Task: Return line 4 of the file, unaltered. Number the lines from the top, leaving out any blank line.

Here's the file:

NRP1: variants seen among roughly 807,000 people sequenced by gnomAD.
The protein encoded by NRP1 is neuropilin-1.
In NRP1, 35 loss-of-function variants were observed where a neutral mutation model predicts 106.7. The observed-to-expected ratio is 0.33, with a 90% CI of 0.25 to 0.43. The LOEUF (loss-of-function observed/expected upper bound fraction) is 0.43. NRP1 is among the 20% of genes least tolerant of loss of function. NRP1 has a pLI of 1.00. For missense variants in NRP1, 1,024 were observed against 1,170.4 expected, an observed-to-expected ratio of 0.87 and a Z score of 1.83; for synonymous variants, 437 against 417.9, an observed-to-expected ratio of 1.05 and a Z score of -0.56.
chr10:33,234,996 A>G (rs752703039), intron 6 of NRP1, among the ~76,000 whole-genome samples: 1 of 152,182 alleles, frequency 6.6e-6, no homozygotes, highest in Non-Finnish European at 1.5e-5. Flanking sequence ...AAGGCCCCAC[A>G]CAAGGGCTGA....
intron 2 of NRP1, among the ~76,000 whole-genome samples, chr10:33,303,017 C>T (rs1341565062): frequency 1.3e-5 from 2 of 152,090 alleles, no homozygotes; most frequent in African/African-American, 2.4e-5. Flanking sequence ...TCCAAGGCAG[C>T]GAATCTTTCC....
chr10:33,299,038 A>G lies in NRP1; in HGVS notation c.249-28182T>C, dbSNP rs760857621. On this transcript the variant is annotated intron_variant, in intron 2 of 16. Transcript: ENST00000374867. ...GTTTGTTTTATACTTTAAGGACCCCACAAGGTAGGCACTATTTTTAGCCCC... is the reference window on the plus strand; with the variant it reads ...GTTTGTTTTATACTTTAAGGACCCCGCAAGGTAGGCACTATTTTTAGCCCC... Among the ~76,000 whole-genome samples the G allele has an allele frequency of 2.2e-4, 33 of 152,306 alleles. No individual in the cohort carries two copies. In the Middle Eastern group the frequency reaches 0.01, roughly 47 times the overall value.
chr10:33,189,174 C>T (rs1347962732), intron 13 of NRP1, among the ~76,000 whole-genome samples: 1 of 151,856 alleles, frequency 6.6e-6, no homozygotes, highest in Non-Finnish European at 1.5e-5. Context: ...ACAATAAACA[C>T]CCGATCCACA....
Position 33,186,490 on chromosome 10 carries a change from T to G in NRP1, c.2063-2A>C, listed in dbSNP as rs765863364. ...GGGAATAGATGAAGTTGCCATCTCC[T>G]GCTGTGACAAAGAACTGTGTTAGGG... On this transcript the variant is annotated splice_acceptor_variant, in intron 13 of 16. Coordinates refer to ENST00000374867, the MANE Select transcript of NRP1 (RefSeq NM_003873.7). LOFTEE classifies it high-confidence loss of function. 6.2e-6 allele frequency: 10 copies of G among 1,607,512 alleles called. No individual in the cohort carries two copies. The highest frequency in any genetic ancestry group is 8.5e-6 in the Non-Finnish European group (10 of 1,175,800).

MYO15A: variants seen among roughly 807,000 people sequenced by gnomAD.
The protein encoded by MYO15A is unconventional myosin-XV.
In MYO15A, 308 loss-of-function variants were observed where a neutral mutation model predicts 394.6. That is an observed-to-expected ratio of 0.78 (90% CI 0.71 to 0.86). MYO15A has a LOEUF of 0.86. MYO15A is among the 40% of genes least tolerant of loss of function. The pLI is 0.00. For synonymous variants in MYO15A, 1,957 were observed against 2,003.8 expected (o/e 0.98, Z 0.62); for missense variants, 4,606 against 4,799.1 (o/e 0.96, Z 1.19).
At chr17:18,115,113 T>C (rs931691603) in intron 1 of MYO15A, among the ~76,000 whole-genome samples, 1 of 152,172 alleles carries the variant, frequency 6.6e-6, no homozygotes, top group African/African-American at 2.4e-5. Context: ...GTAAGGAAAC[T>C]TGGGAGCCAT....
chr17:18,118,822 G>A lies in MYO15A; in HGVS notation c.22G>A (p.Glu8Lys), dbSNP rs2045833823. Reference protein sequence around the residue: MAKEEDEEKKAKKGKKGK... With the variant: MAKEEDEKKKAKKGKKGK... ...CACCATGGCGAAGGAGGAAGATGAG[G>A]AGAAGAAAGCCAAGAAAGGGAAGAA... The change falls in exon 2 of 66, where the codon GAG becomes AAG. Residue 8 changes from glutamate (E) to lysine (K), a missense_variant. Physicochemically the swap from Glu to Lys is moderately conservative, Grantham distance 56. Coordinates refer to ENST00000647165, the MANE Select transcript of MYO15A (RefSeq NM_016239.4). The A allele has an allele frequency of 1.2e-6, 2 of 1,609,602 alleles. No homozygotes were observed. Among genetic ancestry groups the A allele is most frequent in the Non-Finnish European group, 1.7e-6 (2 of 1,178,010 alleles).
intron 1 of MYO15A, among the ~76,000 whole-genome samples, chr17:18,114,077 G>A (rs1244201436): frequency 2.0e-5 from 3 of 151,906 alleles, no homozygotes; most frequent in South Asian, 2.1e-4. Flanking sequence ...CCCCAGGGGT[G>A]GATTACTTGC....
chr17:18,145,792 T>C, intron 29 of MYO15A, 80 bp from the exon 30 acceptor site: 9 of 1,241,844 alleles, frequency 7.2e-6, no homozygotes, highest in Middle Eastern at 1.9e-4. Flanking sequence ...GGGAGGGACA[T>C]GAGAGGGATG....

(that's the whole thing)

chr10:33,234,996 A>G (rs752703039), intron 6 of NRP1, among the ~76,000 whole-genome samples: 1 of 152,182 alleles, frequency 6.6e-6, no homozygotes, highest in Non-Finnish European at 1.5e-5. Flanking sequence ...AAGGCCCCAC[A>G]CAAGGGCTGA....